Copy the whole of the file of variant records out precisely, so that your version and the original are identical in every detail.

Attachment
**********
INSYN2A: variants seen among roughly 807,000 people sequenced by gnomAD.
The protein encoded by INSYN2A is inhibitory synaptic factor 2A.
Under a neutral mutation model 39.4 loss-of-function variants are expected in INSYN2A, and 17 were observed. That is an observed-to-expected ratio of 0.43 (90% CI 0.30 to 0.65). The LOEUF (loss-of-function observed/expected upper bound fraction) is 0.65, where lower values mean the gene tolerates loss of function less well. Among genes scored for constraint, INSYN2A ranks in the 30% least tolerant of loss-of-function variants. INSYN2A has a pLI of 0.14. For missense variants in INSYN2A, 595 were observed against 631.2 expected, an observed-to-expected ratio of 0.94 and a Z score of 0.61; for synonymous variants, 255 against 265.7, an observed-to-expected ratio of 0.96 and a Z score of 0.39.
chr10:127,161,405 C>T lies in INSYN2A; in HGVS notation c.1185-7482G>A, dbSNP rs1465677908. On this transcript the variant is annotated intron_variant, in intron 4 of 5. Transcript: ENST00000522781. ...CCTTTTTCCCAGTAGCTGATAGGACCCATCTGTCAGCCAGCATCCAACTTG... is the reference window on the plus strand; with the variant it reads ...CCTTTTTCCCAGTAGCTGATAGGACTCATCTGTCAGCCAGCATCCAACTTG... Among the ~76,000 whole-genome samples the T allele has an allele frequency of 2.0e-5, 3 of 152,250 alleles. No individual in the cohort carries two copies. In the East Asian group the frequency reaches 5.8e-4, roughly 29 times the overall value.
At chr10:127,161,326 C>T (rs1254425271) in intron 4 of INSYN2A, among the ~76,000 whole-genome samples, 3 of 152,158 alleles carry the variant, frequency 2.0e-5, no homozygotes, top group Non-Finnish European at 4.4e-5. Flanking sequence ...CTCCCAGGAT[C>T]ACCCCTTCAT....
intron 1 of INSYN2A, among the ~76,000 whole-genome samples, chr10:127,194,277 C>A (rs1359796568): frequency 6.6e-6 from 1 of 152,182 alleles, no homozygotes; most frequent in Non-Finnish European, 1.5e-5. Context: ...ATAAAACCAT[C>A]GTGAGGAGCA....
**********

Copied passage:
INSYN2A: variants seen among roughly 807,000 people sequenced by gnomAD.
The protein encoded by INSYN2A is inhibitory synaptic factor 2A.
Under a neutral mutation model 39.4 loss-of-function variants are expected in INSYN2A, and 17 were observed. That is an observed-to-expected ratio of 0.43 (90% CI 0.30 to 0.65). The LOEUF (loss-of-function observed/expected upper bound fraction) is 0.65, where lower values mean the gene tolerates loss of function less well. Among genes scored for constraint, INSYN2A ranks in the 30% least tolerant of loss-of-function variants. INSYN2A has a pLI of 0.14. For missense variants in INSYN2A, 595 were observed against 631.2 expected, an observed-to-expected ratio of 0.94 and a Z score of 0.61; for synonymous variants, 255 against 265.7, an observed-to-expected ratio of 0.96 and a Z score of 0.39.
chr10:127,161,405 C>T lies in INSYN2A; in HGVS notation c.1185-7482G>A, dbSNP rs1465677908. On this transcript the variant is annotated intron_variant, in intron 4 of 5. Transcript: ENST00000522781. ...CCTTTTTCCCAGTAGCTGATAGGACCCATCTGTCAGCCAGCATCCAACTTG... is the reference window on the plus strand; with the variant it reads ...CCTTTTTCCCAGTAGCTGATAGGACTCATCTGTCAGCCAGCATCCAACTTG... Among the ~76,000 whole-genome samples the T allele has an allele frequency of 2.0e-5, 3 of 152,250 alleles. No individual in the cohort carries two copies. In the East Asian group the frequency reaches 5.8e-4, roughly 29 times the overall value.
At chr10:127,161,326 C>T (rs1254425271) in intron 4 of INSYN2A, among the ~76,000 whole-genome samples, 3 of 152,158 alleles carry the variant, frequency 2.0e-5, no homozygotes, top group Non-Finnish European at 4.4e-5. Flanking sequence ...CTCCCAGGAT[C>T]ACCCCTTCAT....
intron 1 of INSYN2A, among the ~76,000 whole-genome samples, chr10:127,194,277 C>A (rs1359796568): frequency 6.6e-6 from 1 of 152,182 alleles, no homozygotes; most frequent in Non-Finnish European, 1.5e-5. Context: ...ATAAAACCAT[C>A]GTGAGGAGCA....